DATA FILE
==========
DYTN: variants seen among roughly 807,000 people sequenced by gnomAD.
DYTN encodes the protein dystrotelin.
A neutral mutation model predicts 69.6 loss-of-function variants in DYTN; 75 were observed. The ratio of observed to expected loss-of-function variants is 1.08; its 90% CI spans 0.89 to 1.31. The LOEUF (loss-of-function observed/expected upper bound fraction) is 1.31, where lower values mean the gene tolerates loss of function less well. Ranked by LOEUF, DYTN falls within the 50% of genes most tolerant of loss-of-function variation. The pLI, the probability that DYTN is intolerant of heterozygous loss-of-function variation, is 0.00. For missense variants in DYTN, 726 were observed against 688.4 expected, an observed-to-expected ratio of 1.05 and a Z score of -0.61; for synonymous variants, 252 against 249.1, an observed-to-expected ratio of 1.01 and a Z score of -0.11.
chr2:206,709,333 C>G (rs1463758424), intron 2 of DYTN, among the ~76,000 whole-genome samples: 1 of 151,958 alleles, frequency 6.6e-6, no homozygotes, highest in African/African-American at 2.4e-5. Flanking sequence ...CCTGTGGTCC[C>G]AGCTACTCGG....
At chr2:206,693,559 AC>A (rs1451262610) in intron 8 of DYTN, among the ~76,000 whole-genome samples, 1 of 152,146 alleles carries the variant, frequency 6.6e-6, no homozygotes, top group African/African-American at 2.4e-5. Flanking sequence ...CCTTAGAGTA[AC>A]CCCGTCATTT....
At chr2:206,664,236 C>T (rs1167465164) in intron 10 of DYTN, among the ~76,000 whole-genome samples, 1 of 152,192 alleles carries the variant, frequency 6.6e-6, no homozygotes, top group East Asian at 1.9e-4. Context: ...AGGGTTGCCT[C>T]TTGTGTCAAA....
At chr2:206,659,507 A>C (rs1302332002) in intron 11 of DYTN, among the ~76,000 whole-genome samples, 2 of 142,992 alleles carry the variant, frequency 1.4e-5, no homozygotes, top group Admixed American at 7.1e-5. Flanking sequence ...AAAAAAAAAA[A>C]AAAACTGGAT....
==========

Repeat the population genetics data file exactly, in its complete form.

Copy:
DYTN: variants seen among roughly 807,000 people sequenced by gnomAD.
DYTN encodes the protein dystrotelin.
A neutral mutation model predicts 69.6 loss-of-function variants in DYTN; 75 were observed. The ratio of observed to expected loss-of-function variants is 1.08; its 90% CI spans 0.89 to 1.31. The LOEUF (loss-of-function observed/expected upper bound fraction) is 1.31, where lower values mean the gene tolerates loss of function less well. Ranked by LOEUF, DYTN falls within the 50% of genes most tolerant of loss-of-function variation. The pLI, the probability that DYTN is intolerant of heterozygous loss-of-function variation, is 0.00. For missense variants in DYTN, 726 were observed against 688.4 expected, an observed-to-expected ratio of 1.05 and a Z score of -0.61; for synonymous variants, 252 against 249.1, an observed-to-expected ratio of 1.01 and a Z score of -0.11.
chr2:206,709,333 C>G (rs1463758424), intron 2 of DYTN, among the ~76,000 whole-genome samples: 1 of 151,958 alleles, frequency 6.6e-6, no homozygotes, highest in African/African-American at 2.4e-5. Flanking sequence ...CCTGTGGTCC[C>G]AGCTACTCGG....
At chr2:206,693,559 AC>A (rs1451262610) in intron 8 of DYTN, among the ~76,000 whole-genome samples, 1 of 152,146 alleles carries the variant, frequency 6.6e-6, no homozygotes, top group African/African-American at 2.4e-5. Flanking sequence ...CCTTAGAGTA[AC>A]CCCGTCATTT....
At chr2:206,664,236 C>T (rs1167465164) in intron 10 of DYTN, among the ~76,000 whole-genome samples, 1 of 152,192 alleles carries the variant, frequency 6.6e-6, no homozygotes, top group East Asian at 1.9e-4. Context: ...AGGGTTGCCT[C>T]TTGTGTCAAA....
At chr2:206,659,507 A>C (rs1302332002) in intron 11 of DYTN, among the ~76,000 whole-genome samples, 2 of 142,992 alleles carry the variant, frequency 1.4e-5, no homozygotes, top group Admixed American at 7.1e-5. Flanking sequence ...AAAAAAAAAA[A>C]AAAACTGGAT....